- A look at how as our ageing population grows, so too does the need for SMSF management support from advisers due to member incapacity
- The SMSF sector must keep up with technological change
- SMSF professionals can bridge the gap between the complexity of managing SMSF and member incapacity
Matthew Burgess, Author and Director of specialist law firm View Legal, shares his insights on the issues that can arise in regard to member incapacity in the SMSF sector and what SMSF professionals can do to best advise and support their clients.
The implications of an ageing population
In 2017, Australians aged 65 and over comprised 15% of the total population, representing a significant increase from just 5% in 1927. Looking forward, this figure is expected to grow to 22%, or 8.8 million Australians, by 20571.
Reflecting on these numbers, Burgess believes they create a perfect storm. As the population continues to age, individuals' mental incapacity grows and so too does their need for support in managing their SMSF.
"It's becoming one of the fastest growing areas of the law. People have a lot of money tied up in SMSFs and now that they're living longer their mental health is often degenerating. Ten years ago, elder law and abuse didn't really exist, but now the need to protect our ageing population has increased substantially," Burgess says.
"Many individuals already have a gap in understanding SMSFs and need support from advisers and professionals. When you factor in mental incapacity, the issue becomes even more serious," he reveals.
The SMSF professional's role in protecting members
Burgess states in order to combat changing needs in the SMSF industry, government regulation has constantly evolved leading to tighter restrictions for the benefit of members. However, he suggests this added level of complexity contributes to the issues at hand rather than resolving them.
"When you look at the industry, in its current form it's only about 30 years old. That's a relatively short period of time and when you see the additional regulation and legislation, its already become fragmented," Burgess asserts.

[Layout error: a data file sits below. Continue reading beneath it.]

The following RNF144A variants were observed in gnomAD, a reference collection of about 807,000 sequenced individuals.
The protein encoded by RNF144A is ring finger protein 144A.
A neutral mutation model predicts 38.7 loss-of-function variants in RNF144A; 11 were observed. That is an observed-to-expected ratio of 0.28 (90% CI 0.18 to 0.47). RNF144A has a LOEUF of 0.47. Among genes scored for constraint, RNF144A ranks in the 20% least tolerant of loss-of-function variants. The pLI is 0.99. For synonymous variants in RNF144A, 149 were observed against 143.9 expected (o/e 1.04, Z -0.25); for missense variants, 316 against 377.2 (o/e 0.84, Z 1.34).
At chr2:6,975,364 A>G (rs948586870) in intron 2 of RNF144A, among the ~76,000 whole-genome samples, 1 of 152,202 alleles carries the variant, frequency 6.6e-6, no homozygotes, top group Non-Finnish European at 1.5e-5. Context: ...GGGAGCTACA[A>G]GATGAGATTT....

Burgess suggests in order to assist trustees with a mental incapacity, professionals need to ensure they're educating them on their funds and preparing them for the responsibility of managing them, including maintaining the correct documentation.
He reveals while the industry is being forced to constantly evolve due to technological change, it has yet to completely adapt to the new digital era.
"Documentation is critical, especially in the estate planning stage. But what's interesting is the legal sector is behind in terms of adapting to how documentation is managed. Estate planning is essentially still without exception reliant on pen and paper. That's how archaic that part of the industry is," he says.
Burgess argues professionals need to actively adapt to and adopt new technologies in order to create a more effective process - underpinned by due-diligence - for all parties long-term.
"Not only should lawyers and finance professionals be leaning on technology to manage processes, they should also be sharing their knowledge with trustees where they can. In the past, advisers have been perceived as keeping information within their firms but if the culture was to instead share knowledge and educate trustees, that could be of real benefit," he says.
The future of SMSF regulation
Burgess believes as the industry evolves, an individual's home will no longer be their primary asset. Instead, for many, superannuation savings will be their biggest asset – indeed this is often already the case.
"As people live longer there will inevitably be a compounding of their wealth within super. With the government regulations in place, it means for many - even if they wanted to - they wouldn't be able to spend all the savings in their SMSF prior to death" Burgess argues.
"But to me, SMSFs are already the centrepiece of what the estate plans for many people need to be focused on and I can only see that increasing exponentially with the aging population. Therefore, it's incumbent on advisers to assist individuals early on so they remain well informed," he says.